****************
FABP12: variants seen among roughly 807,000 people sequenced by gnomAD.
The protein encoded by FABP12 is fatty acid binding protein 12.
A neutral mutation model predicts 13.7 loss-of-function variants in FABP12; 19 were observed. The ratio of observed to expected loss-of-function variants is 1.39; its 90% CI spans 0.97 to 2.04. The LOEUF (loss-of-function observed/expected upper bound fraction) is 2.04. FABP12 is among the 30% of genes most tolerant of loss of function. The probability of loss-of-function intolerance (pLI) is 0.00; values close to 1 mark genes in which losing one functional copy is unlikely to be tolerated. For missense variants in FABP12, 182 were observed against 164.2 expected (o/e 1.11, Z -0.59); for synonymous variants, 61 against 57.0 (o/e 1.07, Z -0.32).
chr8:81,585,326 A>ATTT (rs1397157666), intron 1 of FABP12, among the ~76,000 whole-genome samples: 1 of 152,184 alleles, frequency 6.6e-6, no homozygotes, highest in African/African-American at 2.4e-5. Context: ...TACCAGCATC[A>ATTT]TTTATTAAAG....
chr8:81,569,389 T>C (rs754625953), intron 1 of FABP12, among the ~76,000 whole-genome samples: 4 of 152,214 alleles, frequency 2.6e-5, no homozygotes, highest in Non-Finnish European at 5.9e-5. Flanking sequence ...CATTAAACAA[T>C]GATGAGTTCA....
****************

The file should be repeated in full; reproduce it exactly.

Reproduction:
FABP12: variants seen among roughly 807,000 people sequenced by gnomAD.
The protein encoded by FABP12 is fatty acid binding protein 12.
A neutral mutation model predicts 13.7 loss-of-function variants in FABP12; 19 were observed. The ratio of observed to expected loss-of-function variants is 1.39; its 90% CI spans 0.97 to 2.04. The LOEUF (loss-of-function observed/expected upper bound fraction) is 2.04. FABP12 is among the 30% of genes most tolerant of loss of function. The probability of loss-of-function intolerance (pLI) is 0.00; values close to 1 mark genes in which losing one functional copy is unlikely to be tolerated. For missense variants in FABP12, 182 were observed against 164.2 expected (o/e 1.11, Z -0.59); for synonymous variants, 61 against 57.0 (o/e 1.07, Z -0.32).
chr8:81,585,326 A>ATTT (rs1397157666), intron 1 of FABP12, among the ~76,000 whole-genome samples: 1 of 152,184 alleles, frequency 6.6e-6, no homozygotes, highest in African/African-American at 2.4e-5. Context: ...TACCAGCATC[A>ATTT]TTTATTAAAG....
chr8:81,569,389 T>C (rs754625953), intron 1 of FABP12, among the ~76,000 whole-genome samples: 4 of 152,214 alleles, frequency 2.6e-5, no homozygotes, highest in Non-Finnish European at 5.9e-5. Flanking sequence ...CATTAAACAA[T>C]GATGAGTTCA....